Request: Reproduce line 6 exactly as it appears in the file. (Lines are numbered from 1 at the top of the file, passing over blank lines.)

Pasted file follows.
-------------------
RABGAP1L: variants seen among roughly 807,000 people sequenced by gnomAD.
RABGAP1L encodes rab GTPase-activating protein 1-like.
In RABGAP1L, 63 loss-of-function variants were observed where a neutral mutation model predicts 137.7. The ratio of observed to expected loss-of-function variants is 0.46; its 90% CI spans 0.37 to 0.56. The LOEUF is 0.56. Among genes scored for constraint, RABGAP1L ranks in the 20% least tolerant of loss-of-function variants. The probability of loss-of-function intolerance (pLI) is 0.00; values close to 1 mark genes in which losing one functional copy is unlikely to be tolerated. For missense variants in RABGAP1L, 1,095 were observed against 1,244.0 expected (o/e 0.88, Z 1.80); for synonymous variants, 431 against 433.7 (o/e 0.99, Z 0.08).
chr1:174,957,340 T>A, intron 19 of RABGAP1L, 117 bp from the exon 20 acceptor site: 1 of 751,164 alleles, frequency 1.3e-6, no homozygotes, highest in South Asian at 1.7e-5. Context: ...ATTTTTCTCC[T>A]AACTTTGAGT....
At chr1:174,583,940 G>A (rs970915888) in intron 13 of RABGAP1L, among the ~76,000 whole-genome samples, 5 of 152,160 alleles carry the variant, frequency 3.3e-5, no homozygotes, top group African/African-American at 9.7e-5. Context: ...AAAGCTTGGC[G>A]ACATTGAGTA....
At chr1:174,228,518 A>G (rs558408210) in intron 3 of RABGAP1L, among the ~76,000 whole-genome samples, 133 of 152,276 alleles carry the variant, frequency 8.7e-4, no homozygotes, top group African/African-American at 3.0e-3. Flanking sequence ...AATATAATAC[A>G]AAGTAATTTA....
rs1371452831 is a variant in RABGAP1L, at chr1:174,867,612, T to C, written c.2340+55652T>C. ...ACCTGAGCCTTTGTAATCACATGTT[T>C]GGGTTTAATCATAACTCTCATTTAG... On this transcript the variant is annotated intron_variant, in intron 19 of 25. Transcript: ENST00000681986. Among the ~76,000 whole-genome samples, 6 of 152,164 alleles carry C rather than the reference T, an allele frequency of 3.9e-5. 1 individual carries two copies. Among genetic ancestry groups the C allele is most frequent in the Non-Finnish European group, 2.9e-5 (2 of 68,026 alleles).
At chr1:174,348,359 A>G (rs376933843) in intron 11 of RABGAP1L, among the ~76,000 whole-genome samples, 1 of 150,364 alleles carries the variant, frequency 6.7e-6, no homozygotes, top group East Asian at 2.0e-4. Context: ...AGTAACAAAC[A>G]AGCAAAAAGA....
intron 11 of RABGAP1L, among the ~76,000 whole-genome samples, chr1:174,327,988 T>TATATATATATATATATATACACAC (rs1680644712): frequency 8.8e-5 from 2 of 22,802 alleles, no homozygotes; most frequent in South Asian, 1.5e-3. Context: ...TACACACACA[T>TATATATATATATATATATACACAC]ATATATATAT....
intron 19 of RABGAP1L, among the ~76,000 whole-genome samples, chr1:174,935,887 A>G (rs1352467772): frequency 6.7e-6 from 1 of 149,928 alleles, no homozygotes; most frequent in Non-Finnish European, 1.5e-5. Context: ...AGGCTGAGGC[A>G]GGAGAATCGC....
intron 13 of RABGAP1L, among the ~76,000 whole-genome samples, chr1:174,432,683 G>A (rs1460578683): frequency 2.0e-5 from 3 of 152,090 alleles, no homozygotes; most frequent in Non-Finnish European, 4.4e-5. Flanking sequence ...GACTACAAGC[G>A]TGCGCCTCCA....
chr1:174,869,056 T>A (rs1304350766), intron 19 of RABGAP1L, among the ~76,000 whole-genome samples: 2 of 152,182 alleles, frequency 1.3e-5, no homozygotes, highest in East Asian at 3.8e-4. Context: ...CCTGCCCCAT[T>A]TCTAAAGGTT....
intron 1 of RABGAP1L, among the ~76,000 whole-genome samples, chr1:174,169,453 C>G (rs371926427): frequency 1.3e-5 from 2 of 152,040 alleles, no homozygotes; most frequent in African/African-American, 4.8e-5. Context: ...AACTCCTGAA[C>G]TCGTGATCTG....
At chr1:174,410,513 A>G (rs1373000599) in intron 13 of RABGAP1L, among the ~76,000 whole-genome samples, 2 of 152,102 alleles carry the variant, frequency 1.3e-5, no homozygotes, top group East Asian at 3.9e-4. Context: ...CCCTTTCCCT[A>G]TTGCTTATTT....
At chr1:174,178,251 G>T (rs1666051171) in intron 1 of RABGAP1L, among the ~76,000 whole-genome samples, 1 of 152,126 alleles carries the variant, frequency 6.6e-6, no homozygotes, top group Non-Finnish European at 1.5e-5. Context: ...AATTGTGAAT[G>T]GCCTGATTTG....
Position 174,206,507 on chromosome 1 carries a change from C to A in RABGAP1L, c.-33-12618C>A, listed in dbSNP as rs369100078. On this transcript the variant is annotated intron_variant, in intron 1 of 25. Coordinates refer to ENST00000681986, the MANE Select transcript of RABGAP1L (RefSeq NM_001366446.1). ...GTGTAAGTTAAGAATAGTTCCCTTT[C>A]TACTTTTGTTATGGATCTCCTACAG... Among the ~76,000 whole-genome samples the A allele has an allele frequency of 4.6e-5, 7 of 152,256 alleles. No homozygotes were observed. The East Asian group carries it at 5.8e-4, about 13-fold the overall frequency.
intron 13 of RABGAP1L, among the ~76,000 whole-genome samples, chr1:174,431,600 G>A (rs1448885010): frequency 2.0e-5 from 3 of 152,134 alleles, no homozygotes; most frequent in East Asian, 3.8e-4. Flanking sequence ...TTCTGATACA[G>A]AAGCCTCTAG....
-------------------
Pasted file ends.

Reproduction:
At chr1:174,228,518 A>G (rs558408210) in intron 3 of RABGAP1L, among the ~76,000 whole-genome samples, 133 of 152,276 alleles carry the variant, frequency 8.7e-4, no homozygotes, top group African/African-American at 3.0e-3. Flanking sequence ...AATATAATAC[A>G]AAGTAATTTA....